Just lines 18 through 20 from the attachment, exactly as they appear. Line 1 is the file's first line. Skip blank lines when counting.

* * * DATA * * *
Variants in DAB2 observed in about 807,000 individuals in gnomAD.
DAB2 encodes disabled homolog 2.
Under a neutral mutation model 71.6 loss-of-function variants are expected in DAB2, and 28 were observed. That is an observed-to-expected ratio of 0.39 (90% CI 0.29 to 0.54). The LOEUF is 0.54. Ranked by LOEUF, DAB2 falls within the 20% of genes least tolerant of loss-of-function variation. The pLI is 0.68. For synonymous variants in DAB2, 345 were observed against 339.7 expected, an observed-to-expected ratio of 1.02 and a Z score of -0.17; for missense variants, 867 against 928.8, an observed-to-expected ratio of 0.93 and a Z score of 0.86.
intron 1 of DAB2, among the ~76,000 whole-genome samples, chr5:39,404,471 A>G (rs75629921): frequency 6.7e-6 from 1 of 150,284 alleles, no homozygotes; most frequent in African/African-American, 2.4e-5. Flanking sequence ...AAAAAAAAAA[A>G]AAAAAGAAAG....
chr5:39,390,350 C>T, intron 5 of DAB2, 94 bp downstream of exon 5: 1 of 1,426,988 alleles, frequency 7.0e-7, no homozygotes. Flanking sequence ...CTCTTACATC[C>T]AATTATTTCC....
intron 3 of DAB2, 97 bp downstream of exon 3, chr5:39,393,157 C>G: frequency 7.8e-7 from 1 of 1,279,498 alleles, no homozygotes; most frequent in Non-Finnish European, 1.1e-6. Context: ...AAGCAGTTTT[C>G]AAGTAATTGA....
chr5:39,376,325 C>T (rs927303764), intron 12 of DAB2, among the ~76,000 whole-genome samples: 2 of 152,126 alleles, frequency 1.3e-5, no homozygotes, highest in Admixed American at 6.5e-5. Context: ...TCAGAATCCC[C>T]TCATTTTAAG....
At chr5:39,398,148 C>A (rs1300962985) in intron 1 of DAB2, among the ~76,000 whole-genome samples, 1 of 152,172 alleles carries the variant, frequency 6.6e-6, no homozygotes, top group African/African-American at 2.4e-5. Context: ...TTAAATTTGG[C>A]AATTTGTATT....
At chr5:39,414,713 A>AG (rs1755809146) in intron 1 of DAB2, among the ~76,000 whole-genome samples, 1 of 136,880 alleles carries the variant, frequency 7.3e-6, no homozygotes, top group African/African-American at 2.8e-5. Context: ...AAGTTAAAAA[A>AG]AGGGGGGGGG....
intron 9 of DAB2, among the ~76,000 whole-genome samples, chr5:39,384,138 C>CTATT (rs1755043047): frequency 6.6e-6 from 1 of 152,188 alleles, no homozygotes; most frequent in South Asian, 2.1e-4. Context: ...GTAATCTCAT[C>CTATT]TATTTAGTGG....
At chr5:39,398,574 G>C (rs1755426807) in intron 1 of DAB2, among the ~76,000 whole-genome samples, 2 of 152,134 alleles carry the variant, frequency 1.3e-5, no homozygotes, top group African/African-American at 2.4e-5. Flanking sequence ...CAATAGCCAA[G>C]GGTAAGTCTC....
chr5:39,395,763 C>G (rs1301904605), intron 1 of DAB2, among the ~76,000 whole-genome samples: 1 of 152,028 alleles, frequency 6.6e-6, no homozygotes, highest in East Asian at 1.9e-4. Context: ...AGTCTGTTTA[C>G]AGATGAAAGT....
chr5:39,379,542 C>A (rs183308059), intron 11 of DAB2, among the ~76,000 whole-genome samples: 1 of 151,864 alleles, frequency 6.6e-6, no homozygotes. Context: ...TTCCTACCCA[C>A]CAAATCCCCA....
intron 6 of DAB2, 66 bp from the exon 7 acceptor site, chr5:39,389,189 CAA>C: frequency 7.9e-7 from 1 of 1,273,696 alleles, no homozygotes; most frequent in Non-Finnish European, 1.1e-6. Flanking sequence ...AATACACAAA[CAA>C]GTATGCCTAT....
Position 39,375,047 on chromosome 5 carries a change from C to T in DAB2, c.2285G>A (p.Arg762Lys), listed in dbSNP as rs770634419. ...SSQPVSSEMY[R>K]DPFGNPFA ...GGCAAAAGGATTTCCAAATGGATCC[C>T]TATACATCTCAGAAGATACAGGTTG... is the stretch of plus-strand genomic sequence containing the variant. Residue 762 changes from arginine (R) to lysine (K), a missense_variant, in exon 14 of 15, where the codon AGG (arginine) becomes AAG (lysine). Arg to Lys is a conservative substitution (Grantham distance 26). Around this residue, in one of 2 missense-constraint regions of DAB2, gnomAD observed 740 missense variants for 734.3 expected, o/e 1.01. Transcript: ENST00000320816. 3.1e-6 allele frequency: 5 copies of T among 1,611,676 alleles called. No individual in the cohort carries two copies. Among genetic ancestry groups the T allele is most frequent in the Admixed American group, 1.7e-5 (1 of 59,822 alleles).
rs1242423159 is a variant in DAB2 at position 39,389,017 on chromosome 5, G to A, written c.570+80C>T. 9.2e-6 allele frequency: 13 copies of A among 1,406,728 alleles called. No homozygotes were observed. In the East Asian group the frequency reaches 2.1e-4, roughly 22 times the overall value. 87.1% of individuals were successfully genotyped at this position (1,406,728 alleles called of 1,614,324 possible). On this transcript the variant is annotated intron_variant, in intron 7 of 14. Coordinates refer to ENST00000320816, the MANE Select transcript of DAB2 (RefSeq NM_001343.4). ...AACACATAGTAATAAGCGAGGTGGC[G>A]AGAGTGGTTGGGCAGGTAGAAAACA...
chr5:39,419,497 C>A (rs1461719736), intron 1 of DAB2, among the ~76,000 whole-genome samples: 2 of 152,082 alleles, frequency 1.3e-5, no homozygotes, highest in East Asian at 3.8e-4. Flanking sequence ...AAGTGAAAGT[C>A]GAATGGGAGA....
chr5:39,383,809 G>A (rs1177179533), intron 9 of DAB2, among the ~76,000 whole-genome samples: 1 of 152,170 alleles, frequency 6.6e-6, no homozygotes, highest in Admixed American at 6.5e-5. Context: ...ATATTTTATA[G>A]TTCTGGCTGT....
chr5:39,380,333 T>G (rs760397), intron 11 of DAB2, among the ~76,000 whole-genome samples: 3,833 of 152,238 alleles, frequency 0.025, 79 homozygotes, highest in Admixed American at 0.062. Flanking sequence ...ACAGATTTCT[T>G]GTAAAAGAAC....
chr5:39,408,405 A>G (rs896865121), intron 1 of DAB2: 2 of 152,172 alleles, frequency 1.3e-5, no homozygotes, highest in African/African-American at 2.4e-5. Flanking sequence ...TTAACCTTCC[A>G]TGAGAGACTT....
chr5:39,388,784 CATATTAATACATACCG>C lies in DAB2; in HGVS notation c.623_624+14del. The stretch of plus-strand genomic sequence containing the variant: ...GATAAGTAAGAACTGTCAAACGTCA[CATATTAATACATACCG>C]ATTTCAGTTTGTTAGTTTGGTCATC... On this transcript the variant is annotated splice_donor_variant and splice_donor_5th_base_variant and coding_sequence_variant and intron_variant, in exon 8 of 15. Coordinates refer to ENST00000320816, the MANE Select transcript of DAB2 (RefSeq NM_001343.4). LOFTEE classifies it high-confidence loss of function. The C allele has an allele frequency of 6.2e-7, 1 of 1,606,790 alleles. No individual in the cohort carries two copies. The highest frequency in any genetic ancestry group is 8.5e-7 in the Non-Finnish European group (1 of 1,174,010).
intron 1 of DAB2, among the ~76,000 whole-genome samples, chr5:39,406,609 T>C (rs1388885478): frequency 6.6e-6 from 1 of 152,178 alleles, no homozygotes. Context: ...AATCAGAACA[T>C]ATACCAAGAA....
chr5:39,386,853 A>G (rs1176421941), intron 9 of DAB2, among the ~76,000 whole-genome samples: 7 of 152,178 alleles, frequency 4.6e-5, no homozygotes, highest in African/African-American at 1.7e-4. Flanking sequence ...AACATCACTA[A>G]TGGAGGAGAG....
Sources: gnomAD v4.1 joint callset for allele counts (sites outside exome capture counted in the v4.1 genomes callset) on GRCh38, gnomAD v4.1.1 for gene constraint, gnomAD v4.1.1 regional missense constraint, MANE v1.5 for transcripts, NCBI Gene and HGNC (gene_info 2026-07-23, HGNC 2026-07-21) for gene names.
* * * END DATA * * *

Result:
chr5:39,383,809 G>A (rs1177179533), intron 9 of DAB2, among the ~76,000 whole-genome samples: 1 of 152,170 alleles, frequency 6.6e-6, no homozygotes, highest in Admixed American at 6.5e-5. Context: ...ATATTTTATA[G>A]TTCTGGCTGT....
chr5:39,380,333 T>G (rs760397), intron 11 of DAB2, among the ~76,000 whole-genome samples: 3,833 of 152,238 alleles, frequency 0.025, 79 homozygotes, highest in Admixed American at 0.062. Flanking sequence ...ACAGATTTCT[T>G]GTAAAAGAAC....
chr5:39,408,405 A>G (rs896865121), intron 1 of DAB2: 2 of 152,172 alleles, frequency 1.3e-5, no homozygotes, highest in African/African-American at 2.4e-5. Flanking sequence ...TTAACCTTCC[A>G]TGAGAGACTT....